What the hell, Cary Elwes? You don’t need to do bad horror! This is why I was tempted to make this a sole short-film affair, because at least a shitty short horror movie is just 2-15 minutes of your life.
Perhaps it would have been better to look at Hellgate as a sort of…unfocused portrait of grief. Elwes plays a man who loses his wife and young son in a car accident, though his family’s painfully awful line delivery made me glad their screen time was swiftly snuffed out. He doesn’t fare too well either, ending up in a coma, and once he’s out, he starts to have gruesome visions of people he doesn’t know.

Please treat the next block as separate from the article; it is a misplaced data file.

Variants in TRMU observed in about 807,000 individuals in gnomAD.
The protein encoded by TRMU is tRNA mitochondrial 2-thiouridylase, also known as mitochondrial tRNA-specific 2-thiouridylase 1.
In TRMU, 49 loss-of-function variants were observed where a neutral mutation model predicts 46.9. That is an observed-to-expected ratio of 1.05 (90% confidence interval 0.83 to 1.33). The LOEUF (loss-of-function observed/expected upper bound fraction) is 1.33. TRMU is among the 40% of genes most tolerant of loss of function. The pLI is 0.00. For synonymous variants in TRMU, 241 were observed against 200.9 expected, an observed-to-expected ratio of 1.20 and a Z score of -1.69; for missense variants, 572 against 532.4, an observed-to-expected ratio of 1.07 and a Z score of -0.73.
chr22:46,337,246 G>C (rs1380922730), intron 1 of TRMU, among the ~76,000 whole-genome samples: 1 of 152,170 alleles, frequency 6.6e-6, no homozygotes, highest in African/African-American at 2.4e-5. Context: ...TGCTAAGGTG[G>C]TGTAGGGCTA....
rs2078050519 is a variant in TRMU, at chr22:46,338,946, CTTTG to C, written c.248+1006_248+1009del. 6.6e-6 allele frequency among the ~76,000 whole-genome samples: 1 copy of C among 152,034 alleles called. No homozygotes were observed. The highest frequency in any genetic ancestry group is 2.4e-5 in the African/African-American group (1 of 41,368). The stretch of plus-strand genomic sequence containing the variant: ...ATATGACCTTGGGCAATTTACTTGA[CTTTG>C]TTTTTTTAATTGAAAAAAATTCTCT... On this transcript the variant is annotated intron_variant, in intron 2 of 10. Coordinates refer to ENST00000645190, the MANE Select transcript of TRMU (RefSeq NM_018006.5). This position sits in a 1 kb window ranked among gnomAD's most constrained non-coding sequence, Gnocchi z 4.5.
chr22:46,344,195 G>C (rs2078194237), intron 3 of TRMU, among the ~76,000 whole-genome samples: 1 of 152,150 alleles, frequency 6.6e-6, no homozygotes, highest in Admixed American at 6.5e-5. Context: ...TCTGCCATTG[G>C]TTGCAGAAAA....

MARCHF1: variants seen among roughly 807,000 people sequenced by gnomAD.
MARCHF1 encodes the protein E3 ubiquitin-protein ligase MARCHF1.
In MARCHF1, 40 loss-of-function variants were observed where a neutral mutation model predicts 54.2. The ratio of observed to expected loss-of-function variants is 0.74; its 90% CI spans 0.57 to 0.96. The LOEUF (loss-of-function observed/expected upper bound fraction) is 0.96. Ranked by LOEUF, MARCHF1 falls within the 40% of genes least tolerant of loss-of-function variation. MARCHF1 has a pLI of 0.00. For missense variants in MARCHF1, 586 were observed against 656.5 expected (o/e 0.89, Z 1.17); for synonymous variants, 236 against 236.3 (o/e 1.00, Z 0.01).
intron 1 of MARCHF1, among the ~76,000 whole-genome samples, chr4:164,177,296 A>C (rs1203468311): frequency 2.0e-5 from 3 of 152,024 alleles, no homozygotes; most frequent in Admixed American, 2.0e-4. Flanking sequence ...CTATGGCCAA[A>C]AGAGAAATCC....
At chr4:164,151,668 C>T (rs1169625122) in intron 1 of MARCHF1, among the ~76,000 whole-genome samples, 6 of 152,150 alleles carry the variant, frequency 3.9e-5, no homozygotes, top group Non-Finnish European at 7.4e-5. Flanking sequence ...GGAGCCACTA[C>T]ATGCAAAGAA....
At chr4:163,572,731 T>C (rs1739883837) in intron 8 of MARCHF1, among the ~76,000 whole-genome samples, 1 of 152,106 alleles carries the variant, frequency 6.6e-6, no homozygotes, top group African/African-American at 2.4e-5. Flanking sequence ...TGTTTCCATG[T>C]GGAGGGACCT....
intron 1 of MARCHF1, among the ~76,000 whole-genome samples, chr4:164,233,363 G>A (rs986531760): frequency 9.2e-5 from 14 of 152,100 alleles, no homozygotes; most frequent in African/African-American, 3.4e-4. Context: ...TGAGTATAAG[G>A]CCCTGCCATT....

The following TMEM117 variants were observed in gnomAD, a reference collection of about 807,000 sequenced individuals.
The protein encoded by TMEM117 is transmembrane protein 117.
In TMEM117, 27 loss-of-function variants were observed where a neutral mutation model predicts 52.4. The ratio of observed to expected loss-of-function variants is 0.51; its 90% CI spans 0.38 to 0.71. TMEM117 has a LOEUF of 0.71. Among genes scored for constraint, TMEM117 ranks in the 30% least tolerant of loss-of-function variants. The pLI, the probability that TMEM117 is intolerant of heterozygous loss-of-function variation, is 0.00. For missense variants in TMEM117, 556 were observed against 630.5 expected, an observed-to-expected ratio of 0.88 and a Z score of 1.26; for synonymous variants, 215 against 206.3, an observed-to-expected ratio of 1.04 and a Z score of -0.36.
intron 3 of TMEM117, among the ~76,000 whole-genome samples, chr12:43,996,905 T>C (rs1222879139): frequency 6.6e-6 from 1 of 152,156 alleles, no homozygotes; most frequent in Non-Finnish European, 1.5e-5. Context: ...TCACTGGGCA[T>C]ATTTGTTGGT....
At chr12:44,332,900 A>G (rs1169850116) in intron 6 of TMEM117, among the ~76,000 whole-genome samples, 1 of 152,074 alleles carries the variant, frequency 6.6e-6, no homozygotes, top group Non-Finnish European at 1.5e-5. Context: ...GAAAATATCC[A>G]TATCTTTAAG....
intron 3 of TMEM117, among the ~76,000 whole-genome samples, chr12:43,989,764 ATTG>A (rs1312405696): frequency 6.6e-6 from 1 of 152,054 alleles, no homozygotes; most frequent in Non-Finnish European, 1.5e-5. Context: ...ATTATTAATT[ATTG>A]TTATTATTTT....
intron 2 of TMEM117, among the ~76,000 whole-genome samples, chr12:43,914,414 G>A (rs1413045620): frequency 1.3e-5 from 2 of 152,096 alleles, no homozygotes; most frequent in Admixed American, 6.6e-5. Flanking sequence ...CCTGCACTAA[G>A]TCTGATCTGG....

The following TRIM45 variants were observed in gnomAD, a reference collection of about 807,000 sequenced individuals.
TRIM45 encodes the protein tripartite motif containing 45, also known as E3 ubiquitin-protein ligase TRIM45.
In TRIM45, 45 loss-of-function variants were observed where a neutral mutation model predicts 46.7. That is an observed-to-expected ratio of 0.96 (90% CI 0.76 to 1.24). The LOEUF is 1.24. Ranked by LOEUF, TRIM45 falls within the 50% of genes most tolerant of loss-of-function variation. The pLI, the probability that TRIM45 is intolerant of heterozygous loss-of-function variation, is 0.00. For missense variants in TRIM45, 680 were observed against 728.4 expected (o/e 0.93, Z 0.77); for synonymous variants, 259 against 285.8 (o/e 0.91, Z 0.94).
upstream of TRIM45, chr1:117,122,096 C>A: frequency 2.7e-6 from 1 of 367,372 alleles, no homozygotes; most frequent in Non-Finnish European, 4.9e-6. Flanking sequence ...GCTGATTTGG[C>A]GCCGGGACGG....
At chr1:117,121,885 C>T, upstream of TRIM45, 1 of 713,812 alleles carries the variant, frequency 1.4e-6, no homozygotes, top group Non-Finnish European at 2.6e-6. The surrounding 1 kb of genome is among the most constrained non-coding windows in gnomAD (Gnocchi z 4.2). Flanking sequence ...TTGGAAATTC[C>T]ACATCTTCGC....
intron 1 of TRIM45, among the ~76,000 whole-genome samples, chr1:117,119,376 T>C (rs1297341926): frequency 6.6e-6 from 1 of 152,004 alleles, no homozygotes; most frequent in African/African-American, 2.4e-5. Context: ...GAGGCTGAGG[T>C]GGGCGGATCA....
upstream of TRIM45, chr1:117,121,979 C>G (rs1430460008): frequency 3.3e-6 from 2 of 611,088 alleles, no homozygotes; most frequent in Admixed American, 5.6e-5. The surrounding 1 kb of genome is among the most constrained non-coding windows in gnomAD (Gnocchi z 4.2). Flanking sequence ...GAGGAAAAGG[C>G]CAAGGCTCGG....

Turns out he can see dead people, including his family (sporadically), and he enlists a nurse and her aunt and some random old wise white hippie played by William Hurt to do a bunch of séance stuff and jungle pilgrimage and blah blah probably not even accurate anyway voodoo. It’s all just so predictable and linear and by-the-numbers.
Shot entirely on location in Thailand, every frame’s lighting is gorgeous and crisp. The Thai cast are sadly forced to act and emote in a language they’re clearly not comfortable acting and emoting, because, again, line delivery is awful and clunky, and you can tell that, especially with some of the older actors, that they would have knocked out some affecting performances if they’d just been allowed to speak in Thai with subtitles.
At least you can make it a drinking game out of it. Take a shot every time Elwes is covered in sweat. The poor fucker’s stress-drenched in about every other scene.